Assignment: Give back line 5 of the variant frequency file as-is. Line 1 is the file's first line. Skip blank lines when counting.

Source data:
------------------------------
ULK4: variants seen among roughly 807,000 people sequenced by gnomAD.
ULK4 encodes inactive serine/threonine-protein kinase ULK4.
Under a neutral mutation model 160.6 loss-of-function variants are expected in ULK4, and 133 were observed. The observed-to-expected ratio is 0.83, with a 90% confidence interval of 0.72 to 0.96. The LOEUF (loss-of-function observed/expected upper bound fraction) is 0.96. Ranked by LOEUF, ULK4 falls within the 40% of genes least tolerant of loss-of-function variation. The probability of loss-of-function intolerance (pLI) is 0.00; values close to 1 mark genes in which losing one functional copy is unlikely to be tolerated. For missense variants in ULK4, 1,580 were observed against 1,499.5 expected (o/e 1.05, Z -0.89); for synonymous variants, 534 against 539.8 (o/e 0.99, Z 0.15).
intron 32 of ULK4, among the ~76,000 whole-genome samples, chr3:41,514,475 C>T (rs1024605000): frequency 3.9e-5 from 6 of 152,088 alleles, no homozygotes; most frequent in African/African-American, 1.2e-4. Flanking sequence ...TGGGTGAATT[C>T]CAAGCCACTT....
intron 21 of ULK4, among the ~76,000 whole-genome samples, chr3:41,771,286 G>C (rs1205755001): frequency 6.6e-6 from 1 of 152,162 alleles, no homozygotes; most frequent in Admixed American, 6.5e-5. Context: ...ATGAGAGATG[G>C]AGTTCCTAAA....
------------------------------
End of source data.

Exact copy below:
intron 21 of ULK4, among the ~76,000 whole-genome samples, chr3:41,771,286 G>C (rs1205755001): frequency 6.6e-6 from 1 of 152,162 alleles, no homozygotes; most frequent in Admixed American, 6.5e-5. Context: ...ATGAGAGATG[G>C]AGTTCCTAAA....